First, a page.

Growing your own tomatoes is not only a rewarding experience once you can pick them, vine ripened, but it’s a flavorful one as well. Here are some helpful ideas and suggestions for getting that juicy fruit as succulent as possible.
Since tomatoes require a long growing season to mature, the best crop begins with healthy transplants. You can start these yourself or purchase them from our greenhouse. Remember, the biggest is not always the best!
The transplant should be dark green in color and the stem straight and sturdy. The roots should also be3 white-tipped but not rootbound.
If the transplants have blooms are fruit already growing, remove them for a stronger plant in the long run.
To avoid transplant shock, the moving of the plant from a warm greenhouse to the harsh realities of the world, the plants should be “hardened off.” This means simply that the plants are exposed to more and more stress each day prior to actual planting. This should be done for a week to 10 days. Place your plants outside in a partially shady location where there is good shelter. Then, each day, move them into a more exposed area until they have spent a full day in the most exposed site. During this time the plants should be kept moist but not wet. If there is any danger of frost during this time, move the plants inside.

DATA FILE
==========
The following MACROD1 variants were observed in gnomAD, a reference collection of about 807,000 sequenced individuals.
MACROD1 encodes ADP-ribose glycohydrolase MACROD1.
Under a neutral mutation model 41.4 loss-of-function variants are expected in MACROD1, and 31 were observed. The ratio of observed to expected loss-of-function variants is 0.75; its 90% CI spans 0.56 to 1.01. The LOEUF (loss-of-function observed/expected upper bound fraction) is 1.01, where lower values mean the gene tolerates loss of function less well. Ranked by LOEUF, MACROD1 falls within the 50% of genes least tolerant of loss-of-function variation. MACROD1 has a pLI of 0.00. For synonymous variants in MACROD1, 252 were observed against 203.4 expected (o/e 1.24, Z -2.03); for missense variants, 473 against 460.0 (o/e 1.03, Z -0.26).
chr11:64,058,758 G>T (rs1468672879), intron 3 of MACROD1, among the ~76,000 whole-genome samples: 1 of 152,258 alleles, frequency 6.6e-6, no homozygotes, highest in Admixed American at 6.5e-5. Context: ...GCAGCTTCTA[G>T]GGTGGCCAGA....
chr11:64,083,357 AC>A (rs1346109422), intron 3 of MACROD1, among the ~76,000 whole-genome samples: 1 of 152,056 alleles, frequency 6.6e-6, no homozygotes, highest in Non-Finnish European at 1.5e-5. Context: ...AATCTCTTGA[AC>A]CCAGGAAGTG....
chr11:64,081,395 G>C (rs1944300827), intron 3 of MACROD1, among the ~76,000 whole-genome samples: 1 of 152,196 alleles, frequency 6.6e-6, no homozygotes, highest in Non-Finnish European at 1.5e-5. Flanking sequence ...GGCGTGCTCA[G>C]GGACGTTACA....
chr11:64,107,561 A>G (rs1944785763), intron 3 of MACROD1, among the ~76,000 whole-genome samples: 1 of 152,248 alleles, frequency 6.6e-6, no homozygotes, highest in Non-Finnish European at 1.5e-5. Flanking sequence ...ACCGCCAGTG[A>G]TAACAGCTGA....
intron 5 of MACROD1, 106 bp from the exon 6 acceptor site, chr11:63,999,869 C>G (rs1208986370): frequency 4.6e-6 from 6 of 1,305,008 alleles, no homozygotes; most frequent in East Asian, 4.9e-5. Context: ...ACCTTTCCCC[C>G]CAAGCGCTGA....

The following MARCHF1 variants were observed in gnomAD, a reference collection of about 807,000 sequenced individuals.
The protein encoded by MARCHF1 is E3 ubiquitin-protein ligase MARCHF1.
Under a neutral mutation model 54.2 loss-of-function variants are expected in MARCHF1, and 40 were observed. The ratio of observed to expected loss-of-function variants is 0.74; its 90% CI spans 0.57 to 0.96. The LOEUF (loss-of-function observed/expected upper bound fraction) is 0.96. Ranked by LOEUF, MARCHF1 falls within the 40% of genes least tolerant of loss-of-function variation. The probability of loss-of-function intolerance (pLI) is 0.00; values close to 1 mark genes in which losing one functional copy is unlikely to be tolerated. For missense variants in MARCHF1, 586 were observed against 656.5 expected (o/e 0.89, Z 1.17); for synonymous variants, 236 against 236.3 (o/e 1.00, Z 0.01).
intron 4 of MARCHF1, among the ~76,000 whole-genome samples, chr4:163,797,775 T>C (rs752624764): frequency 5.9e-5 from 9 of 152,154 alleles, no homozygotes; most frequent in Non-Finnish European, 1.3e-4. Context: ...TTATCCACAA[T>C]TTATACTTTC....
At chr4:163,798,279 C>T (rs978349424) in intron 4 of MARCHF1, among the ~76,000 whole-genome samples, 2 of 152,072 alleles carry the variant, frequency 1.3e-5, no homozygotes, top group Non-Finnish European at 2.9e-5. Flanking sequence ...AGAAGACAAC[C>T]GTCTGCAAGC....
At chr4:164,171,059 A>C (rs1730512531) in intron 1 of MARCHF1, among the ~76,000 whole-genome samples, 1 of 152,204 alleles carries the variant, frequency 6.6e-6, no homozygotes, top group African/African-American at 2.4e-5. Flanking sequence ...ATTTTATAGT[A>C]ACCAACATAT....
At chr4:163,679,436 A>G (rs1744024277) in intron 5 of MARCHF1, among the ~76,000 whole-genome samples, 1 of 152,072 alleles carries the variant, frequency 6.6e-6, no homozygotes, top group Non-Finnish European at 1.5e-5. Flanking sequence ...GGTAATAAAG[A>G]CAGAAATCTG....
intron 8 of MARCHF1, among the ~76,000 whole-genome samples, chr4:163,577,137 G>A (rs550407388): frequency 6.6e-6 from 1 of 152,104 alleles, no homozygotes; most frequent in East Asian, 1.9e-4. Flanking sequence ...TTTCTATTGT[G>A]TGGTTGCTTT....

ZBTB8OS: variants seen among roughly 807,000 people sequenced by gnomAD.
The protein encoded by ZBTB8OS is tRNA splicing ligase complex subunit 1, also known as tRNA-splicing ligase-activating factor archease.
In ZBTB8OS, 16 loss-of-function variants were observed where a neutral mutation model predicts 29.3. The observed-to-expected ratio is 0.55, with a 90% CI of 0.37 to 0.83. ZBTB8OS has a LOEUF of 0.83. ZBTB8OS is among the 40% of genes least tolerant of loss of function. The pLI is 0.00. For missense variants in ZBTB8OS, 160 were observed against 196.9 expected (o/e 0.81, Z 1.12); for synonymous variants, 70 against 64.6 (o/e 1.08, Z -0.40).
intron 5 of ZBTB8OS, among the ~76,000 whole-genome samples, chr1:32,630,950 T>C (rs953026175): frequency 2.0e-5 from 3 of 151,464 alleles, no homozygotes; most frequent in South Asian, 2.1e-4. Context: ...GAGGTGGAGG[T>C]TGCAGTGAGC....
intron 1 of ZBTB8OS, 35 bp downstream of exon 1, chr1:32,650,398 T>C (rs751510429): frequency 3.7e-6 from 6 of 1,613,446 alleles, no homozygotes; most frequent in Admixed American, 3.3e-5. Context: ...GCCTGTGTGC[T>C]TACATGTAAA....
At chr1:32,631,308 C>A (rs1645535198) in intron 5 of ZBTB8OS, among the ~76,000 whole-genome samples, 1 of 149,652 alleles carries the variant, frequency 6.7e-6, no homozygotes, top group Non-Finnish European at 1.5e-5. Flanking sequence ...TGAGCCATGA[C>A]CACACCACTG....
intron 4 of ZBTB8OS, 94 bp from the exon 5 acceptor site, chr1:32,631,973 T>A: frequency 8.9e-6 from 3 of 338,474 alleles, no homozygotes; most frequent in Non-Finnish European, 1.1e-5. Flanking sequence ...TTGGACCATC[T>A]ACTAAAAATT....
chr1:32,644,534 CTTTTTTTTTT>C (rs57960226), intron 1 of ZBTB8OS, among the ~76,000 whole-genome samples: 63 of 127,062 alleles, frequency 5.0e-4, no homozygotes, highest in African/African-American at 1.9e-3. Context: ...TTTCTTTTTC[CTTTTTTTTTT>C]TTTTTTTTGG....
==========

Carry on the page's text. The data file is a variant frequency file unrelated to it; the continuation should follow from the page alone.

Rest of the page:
If at all possible try to transplant on a cloudy or cool day. This reduces additional stress and can also reduce the plants drying out before the roots can get established.
Thoroughly worked soil will allow the plants to do better and it will be easier to get them in the ground. Be sure to dig the hole deep enough to plant extra deep… up to the second set of leaves. If your transplant is root bound (the roots tightly wound together in a ball) then gently break it up to loosen the roots. This will allow the roots to spread out into the soil instead of continuing in the bound pattern.
Hot Kaps can be placed around the new transplants…this helps protect them from wind and bright sun and also helps protect them from advances of cutworms. Once the plant emerges above the tops of these, protectors, the protector can be removed.
Tomatoes require an even moisture supply – this is especially important due to a condition known as “blossom end rot or curly top” which is caused from frequent wet/dry cycles when the tomato was about the size of a pea. Check the nursery for more information about having
the right kind of soil for fertilizing information.
Pruning and staking of your plants will assist in large fruit staying off the ground where it is likely to rot and will help ensure quality fruit. Although pruning results in some loss of potential tomatoes, it improves the quality of what is left.
To stake a tomato plant, you can drive a 3 – 3 1/2 foot stake into the ground beside the plant and loosely tie the main stem of the plant stake. As the plant grows you can add more ties to ensure that the tomato plant remains erect. Tomato cages are also helpful in keeping the fruit off the ground…just remember that these need to be placed around the plant shortly after they have been transplanted.
When your fruit is ready to harvest, it requires a gentle hand so as not to disturb other fruit not ready to be picked and to avoid bruising. If a tomato has been picked prior to full ripeness it should be stored at room temperatures until ripe. Storing them in the refrigerator all but immediately zaps them of their flavor that you have worked so hard for.
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